What about enlisting someone on site? Tricky. But improvisation is often rewarding, and sometimes just parking near a vehicle advertising Law Enforcement can create a zone of safety, at least for a bit. Valet parkers or often bracing young pre-miscreants who will not only let you park close, but keep an eye on your rig knowing that that nice old fellah will be generous at tip time. You know, this reminds me I once enlisted the services of a parking attendant without ever actually doing it. I was riding locally when I lived in LA, and stopped at my favorite Mexican food establishment (a place that won the dubious award of “Best Restaurant to have an Affair in” because it was so dark). I parked right up by the door in an out-of-the-way nook I knew about, and all I had with me was my helmet, which I secured to the bike via the helmet lock. After loading up on exquisite chicken enchiladas, I returned to the mount only to be accosted by the parking attendant, who seemed to want compensation. “What for?” asks I. “I watch your hat for you,” he explained. I guess he shooed away a roving gang of thugs, who had designs on my helmet. Or not. Did I compensate this guy? I don’t remember. But had I been on the road with a loaded bike I surely would have.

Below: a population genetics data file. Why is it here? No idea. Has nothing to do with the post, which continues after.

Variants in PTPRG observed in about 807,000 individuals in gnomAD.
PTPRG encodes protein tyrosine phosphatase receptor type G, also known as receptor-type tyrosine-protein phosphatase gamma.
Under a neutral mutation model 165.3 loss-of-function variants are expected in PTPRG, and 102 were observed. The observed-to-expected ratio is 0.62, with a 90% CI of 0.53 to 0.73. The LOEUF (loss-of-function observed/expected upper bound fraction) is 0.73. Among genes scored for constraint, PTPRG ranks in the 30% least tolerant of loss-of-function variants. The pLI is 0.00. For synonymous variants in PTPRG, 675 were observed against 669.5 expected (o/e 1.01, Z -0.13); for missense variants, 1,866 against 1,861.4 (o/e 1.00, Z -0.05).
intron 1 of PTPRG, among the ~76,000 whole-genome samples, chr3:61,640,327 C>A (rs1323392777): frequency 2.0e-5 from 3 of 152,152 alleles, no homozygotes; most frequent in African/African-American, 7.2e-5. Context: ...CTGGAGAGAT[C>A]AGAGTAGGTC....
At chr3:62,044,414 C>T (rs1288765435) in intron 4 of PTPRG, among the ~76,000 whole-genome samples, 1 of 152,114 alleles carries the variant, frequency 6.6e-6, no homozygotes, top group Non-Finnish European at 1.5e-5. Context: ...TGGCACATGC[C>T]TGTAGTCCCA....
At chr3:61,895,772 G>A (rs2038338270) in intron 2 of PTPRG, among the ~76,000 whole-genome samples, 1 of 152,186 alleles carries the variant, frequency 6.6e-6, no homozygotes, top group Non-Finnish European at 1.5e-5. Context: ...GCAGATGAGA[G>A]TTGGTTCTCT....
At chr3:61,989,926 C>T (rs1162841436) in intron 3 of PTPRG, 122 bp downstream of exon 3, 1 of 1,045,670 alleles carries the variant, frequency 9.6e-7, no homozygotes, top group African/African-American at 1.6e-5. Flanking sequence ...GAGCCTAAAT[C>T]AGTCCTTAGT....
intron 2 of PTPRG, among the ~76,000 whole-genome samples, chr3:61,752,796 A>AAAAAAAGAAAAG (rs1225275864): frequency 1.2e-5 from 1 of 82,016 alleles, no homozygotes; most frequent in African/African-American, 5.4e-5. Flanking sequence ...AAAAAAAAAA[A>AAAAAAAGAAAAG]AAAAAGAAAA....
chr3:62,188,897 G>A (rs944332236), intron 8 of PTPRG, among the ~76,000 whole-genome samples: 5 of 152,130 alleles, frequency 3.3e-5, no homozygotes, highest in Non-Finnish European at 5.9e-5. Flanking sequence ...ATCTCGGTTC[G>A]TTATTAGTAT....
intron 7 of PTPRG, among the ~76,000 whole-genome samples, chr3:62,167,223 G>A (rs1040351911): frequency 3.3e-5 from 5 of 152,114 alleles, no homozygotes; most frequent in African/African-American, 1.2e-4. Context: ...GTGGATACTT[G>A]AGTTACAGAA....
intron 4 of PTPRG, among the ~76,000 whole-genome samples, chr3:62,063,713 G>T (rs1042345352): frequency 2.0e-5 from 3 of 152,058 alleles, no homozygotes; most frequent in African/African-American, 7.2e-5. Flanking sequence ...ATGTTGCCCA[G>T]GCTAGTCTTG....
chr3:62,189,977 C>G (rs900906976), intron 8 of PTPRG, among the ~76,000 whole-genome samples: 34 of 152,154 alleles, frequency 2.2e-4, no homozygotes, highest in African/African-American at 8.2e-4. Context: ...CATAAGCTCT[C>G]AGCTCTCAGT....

Other strategies? This is actually a pretty tough problem at certain places. But simple solutions are often at hand, such as just parking in a well-lit spot (sunlight is good) and asking for a window table that will give you surveillance. Biohazard stickers can come in handy, and work a treat if deployed generously. I used to have a roll of “Police Line, Do Not Cross” ribbon I stole from the prop department on a movie (actually I asked for it; I’d never steal from those guys) but I used it up. But man, it did keep people away from the bike. Or, at least I think it did, which is half the battle after all. As with all things, the best weapon you possess is just common sense, and a bit of imagination. Every parking lot, campsite, etc. is different and requires its own unique solution. Thieves may always be among us, but you can do all kinds of things to make their mischief more challenging. Another good idea is even though it can be a pain, don’t leave your 27” iMac zip-tied to your handlebars or that solid gold GoPro strapped to the sissy bar. Make your ride as boring and valueless in appearance as possible, at least when traveling anywhere you are a bit spooked about. I’m not suggested doing what my old friend Sarah in NYC did, and cover her knew scooter with duct tape so it looked like it had all kinds of body damage and was hanging on by a thread. But you get the idea. Use that bit of invention in all of us, and you’ll likely be fine. Falstaff learned you can’t trust a thief even if you are one yourself, but you sure as Shakespeare can outsmart them.